Microsoft's board of directors is carefully studying the accelerating industry shift toward cloud services and subscription revenues, and may overhaul the company's sales and channel strategy to better address the shift, according to Chairman John Thompson.
Thompson's statements surfaced in a Bloomberg article. According to the article:
No one knows exactly how quickly sales of legacy on-premises offerings will drop off, Thompson said, but it’s "inevitable that part of our business will be under continued pressure."
Thompson declined to be specific about what the company might change in sales and partnerships, but he said the company may need to “re-imagine” those organizations. "The question is, should it be more?" he said. "If you believe we need to run harder, run faster, be less risk-averse as a mantra, the question is how much more do you do."
Portions of the article described how Amazon Web Services (AWS) has attracted cloud-savvy, deeply skilled partners. In contrast, the article -- leveraging third-party sources, not Thompson -- seemed to suggest that Microsoft's partner ecosystem hasn't quite caught up with the cloud.
Chasing Amazon AWS Cloud Partner Strategy?
Scores of MSPs are specifically certified to build and manage workloads on AWS. (Here, by the way, are the Top 50 MSPs managing AWS workloads.)
Microsoft certainly has thousands of partners reselling Office 365, and sales have been growing rapidly. But many of those deals are simple "resale" engagements rather than value-added wins, ChannelE2E believes. Plus, the vast majority of U.S. small businesses have yet to embrace Office 365. And the IT consulting market focused on Microsoft Azure, generally speaking, seems a bit less mature than the AWS ecosystem.
Still, it's hard to criticize Microsoft's progress in cloud computing. The cloud has destroyed or derailed dozens of hardware and software companies -- including Symantec, where Thompson previously was CEO. In stark contrast, Microsoft has successfully pivoted head-on into the cloud. The media often credits current CEO Satya Nadella for the cloud focus. He deserves ample credit. But don't overlook former CEO Steve Ballmer, who bet Microsoft's core software business on cloud computing in 2010.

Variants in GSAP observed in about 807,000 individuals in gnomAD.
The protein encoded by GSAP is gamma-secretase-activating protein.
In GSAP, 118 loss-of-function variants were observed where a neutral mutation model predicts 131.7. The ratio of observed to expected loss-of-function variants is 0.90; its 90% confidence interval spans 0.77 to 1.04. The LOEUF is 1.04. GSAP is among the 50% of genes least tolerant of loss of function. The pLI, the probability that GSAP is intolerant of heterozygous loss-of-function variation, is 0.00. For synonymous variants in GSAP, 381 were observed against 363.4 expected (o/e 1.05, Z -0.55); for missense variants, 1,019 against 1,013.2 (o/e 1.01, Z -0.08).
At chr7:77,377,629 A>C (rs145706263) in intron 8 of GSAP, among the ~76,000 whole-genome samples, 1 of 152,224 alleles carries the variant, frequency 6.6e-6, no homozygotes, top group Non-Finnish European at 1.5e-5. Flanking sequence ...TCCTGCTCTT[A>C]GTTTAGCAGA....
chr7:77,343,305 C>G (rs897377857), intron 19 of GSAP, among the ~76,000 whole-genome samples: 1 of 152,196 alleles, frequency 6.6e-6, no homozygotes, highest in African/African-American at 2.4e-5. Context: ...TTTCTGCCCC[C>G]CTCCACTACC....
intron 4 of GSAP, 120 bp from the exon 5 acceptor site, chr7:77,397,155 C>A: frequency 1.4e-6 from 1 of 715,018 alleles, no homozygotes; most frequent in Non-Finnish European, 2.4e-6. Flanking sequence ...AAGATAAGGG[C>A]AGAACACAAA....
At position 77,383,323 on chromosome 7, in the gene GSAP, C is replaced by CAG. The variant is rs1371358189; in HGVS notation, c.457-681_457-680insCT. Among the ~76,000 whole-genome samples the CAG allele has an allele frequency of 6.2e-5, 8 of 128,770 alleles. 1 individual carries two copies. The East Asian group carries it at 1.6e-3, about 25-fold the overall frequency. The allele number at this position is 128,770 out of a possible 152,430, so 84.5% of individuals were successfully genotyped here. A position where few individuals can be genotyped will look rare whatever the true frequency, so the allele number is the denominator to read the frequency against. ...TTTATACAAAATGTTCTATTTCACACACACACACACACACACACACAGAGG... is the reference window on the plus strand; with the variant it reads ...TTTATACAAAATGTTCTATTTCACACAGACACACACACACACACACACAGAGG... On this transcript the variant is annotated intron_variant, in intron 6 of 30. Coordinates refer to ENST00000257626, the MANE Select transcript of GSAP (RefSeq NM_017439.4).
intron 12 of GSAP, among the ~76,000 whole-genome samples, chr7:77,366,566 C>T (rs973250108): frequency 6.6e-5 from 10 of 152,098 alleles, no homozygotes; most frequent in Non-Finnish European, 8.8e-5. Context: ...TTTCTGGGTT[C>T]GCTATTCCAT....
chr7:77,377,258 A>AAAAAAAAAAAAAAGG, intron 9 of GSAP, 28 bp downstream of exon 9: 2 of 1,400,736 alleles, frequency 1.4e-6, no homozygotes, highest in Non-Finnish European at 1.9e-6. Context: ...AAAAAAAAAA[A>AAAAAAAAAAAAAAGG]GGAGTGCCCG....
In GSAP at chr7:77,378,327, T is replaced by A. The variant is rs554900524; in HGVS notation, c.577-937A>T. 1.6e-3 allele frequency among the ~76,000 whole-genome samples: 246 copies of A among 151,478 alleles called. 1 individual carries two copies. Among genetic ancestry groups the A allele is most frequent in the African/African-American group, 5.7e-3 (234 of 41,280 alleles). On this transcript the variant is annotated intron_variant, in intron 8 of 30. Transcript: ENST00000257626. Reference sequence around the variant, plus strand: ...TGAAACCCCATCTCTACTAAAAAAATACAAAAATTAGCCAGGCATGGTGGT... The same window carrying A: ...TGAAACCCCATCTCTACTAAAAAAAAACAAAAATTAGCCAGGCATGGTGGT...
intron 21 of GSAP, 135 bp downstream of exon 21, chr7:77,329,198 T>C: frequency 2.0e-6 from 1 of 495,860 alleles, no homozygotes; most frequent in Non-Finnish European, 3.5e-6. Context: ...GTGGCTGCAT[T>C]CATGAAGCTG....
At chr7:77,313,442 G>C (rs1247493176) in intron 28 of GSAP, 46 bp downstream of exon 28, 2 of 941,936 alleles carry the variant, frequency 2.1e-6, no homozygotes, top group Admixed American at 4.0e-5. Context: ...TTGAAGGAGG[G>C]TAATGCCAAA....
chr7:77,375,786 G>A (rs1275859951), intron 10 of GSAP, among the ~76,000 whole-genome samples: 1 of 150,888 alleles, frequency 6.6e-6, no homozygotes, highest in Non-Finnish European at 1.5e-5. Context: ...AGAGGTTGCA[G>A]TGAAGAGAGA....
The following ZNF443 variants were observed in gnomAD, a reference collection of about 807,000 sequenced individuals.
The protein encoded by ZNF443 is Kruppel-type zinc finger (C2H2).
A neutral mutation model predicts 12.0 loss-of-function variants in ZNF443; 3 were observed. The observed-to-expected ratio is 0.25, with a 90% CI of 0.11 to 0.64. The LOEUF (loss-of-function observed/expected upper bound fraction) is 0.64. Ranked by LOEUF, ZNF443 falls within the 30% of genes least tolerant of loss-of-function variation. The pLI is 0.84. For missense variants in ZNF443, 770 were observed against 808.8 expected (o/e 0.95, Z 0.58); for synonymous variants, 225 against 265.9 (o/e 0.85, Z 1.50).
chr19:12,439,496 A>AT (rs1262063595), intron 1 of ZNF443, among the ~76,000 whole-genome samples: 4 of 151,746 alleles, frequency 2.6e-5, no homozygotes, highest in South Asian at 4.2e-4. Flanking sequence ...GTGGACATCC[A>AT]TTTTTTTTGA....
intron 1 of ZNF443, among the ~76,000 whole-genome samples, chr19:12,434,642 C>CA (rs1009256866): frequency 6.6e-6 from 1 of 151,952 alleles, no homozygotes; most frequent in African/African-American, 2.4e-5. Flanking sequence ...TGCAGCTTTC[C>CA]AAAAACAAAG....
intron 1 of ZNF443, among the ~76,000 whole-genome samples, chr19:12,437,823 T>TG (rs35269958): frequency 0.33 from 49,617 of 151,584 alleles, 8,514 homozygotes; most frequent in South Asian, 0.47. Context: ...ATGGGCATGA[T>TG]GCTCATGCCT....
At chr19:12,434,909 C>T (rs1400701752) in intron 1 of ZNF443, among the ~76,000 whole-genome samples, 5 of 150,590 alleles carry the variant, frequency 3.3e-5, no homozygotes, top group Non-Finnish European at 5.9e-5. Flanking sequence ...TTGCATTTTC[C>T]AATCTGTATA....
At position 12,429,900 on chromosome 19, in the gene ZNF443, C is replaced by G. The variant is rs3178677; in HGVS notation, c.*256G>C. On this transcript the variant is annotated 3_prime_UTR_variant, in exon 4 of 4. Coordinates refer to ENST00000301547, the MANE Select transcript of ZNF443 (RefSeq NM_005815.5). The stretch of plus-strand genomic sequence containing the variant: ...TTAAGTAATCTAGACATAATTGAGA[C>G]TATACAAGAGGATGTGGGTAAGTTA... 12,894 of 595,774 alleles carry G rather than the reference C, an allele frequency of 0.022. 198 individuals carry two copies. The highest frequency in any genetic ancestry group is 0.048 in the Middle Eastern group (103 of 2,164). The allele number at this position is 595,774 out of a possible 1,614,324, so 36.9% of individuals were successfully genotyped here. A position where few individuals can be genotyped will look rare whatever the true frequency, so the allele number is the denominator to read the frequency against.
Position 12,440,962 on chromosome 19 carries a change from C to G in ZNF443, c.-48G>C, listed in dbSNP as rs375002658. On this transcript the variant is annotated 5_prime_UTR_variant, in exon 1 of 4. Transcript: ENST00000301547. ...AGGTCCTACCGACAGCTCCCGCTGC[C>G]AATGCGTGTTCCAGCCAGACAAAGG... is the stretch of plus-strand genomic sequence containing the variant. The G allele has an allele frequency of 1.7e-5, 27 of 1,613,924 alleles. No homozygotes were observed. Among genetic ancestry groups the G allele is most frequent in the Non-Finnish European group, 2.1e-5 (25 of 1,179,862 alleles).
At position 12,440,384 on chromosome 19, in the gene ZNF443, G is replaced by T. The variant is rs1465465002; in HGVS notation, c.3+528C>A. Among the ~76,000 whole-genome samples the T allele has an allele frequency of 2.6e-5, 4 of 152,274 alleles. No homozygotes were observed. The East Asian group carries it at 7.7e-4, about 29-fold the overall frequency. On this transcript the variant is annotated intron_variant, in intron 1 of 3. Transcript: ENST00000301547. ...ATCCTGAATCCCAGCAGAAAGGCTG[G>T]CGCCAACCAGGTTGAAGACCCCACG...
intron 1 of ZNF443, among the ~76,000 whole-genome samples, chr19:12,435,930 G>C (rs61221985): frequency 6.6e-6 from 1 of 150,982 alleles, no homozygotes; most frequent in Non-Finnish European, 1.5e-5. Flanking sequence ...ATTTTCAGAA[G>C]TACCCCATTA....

Overall, Microsoft is widely considered the No. 2 cloud infrastructure provider, training only AWS, according to cloud market share research from Synergy Research Group.
Thousands of Microsoft partners are now part of the company's Cloud Solutions Provider (CSP) partner program. And many of those partners are now triangulating around Office 365, Azure and on-premises services. Twice today, we've mentioned Aldridge and its Arterian business as one such partner to watch.
Microsoft Channel Leadership Transition
Ironically, Microsoft's board-level discussions surface amid a channel chief transition at the company. Global Channel Chief Phil Sorgen recently shifted to a new position. Gavriella Schuster is interim vice president of Worldwide Partner Group until the permanent replacement is hired. Schuster has held a range of global and regional positions at Microsoft, and is a very experience channel veteran.
The bottom line? Nobody is publicly stating that Microsoft is set to blow up its partner program. Thompson's comments could be viewed as high-level brainstorming statements that consider the software landscape three years or more down the road.
But on the other hand, here's a reality to keep in mind: Microsoft's own cloud margins have slipped recently. The margins, Microsoft has stated, will vary as the company continues to scale up -- or down -- its infrastructure build outs. But that margin discussion spooked Wall Street a bit back in April.
If I had to guess, that cloud margin pressure is what triggered Thompson and the board to take a closer look at Microsoft's sales and partner models...